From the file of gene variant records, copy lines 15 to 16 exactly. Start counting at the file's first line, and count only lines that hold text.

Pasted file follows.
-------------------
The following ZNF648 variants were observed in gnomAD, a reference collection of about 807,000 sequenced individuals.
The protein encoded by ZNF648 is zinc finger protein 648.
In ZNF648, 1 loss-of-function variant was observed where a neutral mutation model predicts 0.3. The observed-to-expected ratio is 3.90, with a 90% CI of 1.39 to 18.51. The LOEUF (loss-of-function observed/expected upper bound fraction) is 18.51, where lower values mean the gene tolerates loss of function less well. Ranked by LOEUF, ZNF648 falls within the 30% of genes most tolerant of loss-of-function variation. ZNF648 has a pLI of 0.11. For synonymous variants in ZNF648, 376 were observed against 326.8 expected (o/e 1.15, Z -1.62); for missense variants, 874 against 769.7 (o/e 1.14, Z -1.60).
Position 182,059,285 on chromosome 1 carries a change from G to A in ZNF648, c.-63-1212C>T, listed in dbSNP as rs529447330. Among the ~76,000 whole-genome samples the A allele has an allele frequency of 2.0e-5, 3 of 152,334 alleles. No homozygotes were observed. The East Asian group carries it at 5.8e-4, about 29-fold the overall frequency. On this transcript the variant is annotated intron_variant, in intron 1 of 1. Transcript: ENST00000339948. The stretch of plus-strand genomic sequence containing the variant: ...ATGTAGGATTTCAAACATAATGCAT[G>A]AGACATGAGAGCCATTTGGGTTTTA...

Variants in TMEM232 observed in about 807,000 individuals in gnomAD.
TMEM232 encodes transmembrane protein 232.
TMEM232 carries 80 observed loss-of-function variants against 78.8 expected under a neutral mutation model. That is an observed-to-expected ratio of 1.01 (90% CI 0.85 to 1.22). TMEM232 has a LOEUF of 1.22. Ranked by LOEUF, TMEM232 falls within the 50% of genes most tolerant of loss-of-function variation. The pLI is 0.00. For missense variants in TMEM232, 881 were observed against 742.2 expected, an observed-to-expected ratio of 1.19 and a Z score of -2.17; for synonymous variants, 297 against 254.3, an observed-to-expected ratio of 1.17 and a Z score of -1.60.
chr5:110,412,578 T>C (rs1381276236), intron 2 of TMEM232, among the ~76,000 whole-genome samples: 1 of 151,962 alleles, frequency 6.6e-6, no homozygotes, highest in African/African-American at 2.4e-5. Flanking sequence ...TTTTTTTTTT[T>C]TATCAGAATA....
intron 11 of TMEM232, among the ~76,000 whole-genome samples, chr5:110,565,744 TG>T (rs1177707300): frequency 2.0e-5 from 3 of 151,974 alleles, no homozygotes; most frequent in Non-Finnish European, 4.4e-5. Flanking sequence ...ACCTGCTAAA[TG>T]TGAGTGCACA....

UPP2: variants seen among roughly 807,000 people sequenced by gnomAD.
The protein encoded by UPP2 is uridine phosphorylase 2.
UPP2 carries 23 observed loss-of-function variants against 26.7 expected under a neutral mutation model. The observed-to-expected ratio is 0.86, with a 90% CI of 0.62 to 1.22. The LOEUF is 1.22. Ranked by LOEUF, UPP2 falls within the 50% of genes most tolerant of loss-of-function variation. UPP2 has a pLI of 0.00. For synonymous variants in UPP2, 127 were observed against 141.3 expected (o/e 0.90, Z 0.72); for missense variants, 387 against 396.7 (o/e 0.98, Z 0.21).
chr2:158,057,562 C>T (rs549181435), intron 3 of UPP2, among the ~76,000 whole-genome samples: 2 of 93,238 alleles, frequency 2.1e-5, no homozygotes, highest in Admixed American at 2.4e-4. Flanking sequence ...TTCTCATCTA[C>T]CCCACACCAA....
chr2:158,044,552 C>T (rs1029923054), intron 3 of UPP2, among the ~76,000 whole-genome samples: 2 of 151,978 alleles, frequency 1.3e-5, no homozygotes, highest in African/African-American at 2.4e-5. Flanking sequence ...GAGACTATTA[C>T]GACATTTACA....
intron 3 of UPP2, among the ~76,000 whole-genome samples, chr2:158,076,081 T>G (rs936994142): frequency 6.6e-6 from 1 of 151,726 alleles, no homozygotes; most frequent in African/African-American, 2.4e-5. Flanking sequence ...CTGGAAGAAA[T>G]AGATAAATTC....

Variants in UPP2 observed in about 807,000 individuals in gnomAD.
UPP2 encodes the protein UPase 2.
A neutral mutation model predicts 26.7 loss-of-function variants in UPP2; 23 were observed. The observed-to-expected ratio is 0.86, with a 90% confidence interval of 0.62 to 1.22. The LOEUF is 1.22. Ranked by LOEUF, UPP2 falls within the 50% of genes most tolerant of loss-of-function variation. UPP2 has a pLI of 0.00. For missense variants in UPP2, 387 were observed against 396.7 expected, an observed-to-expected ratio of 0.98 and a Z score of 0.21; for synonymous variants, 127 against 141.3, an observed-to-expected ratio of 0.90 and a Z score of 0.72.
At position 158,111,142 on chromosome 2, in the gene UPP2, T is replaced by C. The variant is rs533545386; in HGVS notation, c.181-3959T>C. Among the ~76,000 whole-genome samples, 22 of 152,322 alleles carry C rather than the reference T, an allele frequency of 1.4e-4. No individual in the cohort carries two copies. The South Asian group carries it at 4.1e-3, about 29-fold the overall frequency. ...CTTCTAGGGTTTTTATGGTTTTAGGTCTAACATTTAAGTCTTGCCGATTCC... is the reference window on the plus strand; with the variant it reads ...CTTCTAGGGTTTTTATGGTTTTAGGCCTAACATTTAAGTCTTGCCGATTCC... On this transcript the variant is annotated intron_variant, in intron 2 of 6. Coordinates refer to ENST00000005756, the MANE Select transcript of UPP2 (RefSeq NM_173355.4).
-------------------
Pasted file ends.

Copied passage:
intron 3 of UPP2, among the ~76,000 whole-genome samples, chr2:158,076,081 T>G (rs936994142): frequency 6.6e-6 from 1 of 151,726 alleles, no homozygotes; most frequent in African/African-American, 2.4e-5. Flanking sequence ...CTGGAAGAAA[T>G]AGATAAATTC....

Variants in UPP2 observed in about 807,000 individuals in gnomAD.